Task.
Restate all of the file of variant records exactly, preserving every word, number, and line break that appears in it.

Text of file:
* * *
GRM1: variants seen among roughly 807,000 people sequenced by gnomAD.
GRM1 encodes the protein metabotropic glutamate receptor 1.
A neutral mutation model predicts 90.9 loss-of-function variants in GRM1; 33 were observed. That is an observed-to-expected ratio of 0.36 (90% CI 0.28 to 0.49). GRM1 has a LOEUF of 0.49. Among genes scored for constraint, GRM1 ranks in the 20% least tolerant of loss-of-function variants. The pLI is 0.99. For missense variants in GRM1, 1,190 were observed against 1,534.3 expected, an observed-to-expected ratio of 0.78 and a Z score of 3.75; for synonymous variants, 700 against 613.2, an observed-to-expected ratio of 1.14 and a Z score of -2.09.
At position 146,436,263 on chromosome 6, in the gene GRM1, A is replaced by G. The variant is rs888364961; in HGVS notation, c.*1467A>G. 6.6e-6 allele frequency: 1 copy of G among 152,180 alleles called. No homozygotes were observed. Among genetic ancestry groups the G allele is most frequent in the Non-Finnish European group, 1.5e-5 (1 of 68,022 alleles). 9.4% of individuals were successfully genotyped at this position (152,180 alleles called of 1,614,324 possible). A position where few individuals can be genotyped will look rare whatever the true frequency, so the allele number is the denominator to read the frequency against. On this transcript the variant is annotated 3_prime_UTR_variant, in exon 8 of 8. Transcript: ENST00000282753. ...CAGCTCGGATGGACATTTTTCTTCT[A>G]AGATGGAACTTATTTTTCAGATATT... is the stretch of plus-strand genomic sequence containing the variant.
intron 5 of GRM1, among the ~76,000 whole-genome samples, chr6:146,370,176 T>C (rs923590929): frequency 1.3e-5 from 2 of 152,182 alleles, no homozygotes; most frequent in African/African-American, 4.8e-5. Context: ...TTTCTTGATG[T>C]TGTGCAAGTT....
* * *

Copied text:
GRM1: variants seen among roughly 807,000 people sequenced by gnomAD.
GRM1 encodes the protein metabotropic glutamate receptor 1.
A neutral mutation model predicts 90.9 loss-of-function variants in GRM1; 33 were observed. That is an observed-to-expected ratio of 0.36 (90% CI 0.28 to 0.49). GRM1 has a LOEUF of 0.49. Among genes scored for constraint, GRM1 ranks in the 20% least tolerant of loss-of-function variants. The pLI is 0.99. For missense variants in GRM1, 1,190 were observed against 1,534.3 expected, an observed-to-expected ratio of 0.78 and a Z score of 3.75; for synonymous variants, 700 against 613.2, an observed-to-expected ratio of 1.14 and a Z score of -2.09.
At position 146,436,263 on chromosome 6, in the gene GRM1, A is replaced by G. The variant is rs888364961; in HGVS notation, c.*1467A>G. 6.6e-6 allele frequency: 1 copy of G among 152,180 alleles called. No homozygotes were observed. Among genetic ancestry groups the G allele is most frequent in the Non-Finnish European group, 1.5e-5 (1 of 68,022 alleles). 9.4% of individuals were successfully genotyped at this position (152,180 alleles called of 1,614,324 possible). A position where few individuals can be genotyped will look rare whatever the true frequency, so the allele number is the denominator to read the frequency against. On this transcript the variant is annotated 3_prime_UTR_variant, in exon 8 of 8. Transcript: ENST00000282753. ...CAGCTCGGATGGACATTTTTCTTCT[A>G]AGATGGAACTTATTTTTCAGATATT... is the stretch of plus-strand genomic sequence containing the variant.
intron 5 of GRM1, among the ~76,000 whole-genome samples, chr6:146,370,176 T>C (rs923590929): frequency 1.3e-5 from 2 of 152,182 alleles, no homozygotes; most frequent in African/African-American, 4.8e-5. Context: ...TTTCTTGATG[T>C]TGTGCAAGTT....